Completely unaware of my utter astonishment, the band dropped the other shoe and played a medley from "Annie." After this had been endured, they launched into a potpourri of tunes from The Yeoman of the Guard, which was more like it, though strictly speaking not entirely accurate as the military ceremony we were about to see involved the Household Guard and not the Tower Warders. But no matter. Gilbert and Sullivan having been suitably evoked, l gazed at the spectacle that is the Changing of the Guard. I won't try to describe it here, because it's been so well-described elsewhere; and besides, I didn't have all that great a view on this occasion. But still I was impressed.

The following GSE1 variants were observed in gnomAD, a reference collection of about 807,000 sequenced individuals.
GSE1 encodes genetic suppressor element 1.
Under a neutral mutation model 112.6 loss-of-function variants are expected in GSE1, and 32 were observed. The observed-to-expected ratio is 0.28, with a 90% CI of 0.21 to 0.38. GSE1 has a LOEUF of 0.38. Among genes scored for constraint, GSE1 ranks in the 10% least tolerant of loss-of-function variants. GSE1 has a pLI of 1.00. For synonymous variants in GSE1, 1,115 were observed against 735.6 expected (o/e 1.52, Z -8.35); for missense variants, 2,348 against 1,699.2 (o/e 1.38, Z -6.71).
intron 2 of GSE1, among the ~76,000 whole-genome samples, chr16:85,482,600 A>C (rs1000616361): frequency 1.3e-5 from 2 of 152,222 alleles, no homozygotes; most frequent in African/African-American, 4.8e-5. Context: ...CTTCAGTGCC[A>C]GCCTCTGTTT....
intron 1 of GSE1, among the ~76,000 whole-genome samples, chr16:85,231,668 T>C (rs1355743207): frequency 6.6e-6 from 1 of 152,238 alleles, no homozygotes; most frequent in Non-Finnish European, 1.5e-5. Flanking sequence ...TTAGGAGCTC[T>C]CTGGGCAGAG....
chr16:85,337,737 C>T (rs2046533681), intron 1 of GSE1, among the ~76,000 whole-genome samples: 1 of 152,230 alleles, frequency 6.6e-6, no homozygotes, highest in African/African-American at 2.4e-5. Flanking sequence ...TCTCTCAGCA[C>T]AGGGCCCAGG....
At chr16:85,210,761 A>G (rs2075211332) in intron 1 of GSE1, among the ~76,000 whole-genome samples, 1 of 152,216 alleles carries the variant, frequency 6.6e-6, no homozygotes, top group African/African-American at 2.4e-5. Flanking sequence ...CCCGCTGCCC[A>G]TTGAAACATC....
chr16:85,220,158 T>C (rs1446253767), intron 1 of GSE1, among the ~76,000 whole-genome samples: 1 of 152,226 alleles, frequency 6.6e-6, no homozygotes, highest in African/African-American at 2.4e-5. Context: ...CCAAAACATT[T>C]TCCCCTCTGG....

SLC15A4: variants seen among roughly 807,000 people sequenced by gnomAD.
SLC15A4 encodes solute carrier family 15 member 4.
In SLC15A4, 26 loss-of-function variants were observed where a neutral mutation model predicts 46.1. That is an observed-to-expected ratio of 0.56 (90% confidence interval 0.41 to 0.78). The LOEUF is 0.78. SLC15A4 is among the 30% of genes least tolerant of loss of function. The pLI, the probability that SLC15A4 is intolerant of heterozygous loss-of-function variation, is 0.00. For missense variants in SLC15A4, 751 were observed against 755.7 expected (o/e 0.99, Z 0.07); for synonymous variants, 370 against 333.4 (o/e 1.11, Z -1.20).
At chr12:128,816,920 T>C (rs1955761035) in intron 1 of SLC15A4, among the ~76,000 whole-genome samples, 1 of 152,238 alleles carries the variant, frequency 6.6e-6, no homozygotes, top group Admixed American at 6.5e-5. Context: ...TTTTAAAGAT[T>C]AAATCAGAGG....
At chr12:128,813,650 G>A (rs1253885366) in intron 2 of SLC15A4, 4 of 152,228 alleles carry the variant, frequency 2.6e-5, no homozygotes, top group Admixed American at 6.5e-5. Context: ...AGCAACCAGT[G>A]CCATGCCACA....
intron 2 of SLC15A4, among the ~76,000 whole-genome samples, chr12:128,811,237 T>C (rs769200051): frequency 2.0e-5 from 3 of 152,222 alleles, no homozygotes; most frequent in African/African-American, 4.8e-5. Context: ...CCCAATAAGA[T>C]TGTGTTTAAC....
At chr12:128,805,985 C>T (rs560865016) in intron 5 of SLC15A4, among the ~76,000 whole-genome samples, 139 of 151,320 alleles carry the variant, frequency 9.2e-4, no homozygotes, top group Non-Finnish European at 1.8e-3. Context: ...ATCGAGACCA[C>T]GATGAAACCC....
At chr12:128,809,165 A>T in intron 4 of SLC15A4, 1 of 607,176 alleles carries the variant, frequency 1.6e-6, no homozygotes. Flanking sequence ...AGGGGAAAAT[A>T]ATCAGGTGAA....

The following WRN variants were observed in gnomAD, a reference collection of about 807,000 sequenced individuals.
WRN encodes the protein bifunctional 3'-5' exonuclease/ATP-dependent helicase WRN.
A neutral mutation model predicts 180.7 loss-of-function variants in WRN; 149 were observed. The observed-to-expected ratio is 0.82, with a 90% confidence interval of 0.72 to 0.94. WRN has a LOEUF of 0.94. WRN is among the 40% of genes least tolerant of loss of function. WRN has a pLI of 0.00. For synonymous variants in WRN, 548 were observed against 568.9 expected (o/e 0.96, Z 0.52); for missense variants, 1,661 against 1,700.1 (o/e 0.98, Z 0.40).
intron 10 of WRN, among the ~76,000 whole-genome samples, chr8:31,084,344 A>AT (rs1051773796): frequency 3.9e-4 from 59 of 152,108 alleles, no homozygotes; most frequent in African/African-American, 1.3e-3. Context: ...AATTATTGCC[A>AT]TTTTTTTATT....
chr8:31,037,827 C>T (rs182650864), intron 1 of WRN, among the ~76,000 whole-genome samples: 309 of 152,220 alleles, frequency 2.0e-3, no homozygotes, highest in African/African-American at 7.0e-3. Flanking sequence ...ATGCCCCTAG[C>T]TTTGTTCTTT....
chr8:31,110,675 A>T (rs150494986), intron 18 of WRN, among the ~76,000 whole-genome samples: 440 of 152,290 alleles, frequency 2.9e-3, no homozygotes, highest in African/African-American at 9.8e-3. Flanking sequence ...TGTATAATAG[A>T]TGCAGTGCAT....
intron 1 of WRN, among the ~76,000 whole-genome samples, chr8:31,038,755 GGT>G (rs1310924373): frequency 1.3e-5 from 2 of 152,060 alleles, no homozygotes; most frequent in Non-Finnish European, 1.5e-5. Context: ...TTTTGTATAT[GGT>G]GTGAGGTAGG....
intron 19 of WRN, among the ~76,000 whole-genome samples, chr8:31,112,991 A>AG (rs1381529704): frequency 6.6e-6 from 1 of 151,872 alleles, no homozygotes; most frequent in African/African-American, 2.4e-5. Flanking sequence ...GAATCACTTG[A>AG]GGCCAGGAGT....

One thing I shall always remember has nothing to do with the pomp or pageantry of the military display. Rather, it has to do with the skies above. A couple of times, I looked up and saw several ducks flying over the Palace. The ducks were quacking; at least, I could see that their beaks were opening and closing, since the band succeeded quite well in drowning out most other sounds. For some reason this image sticks in my mind: While the Royal Army did their duty in the service of their queen, the ducks saluted her in their own way. Quack!
Afterwards, I felt as though I should make real a relationship which already existed. Being completely at a loss for directions, I hailed a cab and gave the driver the address of 2 Great Marlborough Street. Fortunately for my finances, this was relatively close at hand. The cabbie sounded like a Cockney; I found myself wondering whether he actually was one, or merely affected it for the tourist trade. I did not care to ask, in case it was an illusion, for I did not want it spoiled. (In London, the taxis look like large black sedans, and often have large advertisements on their sides. One of the more amusing ones was for Elephant floppy disks.)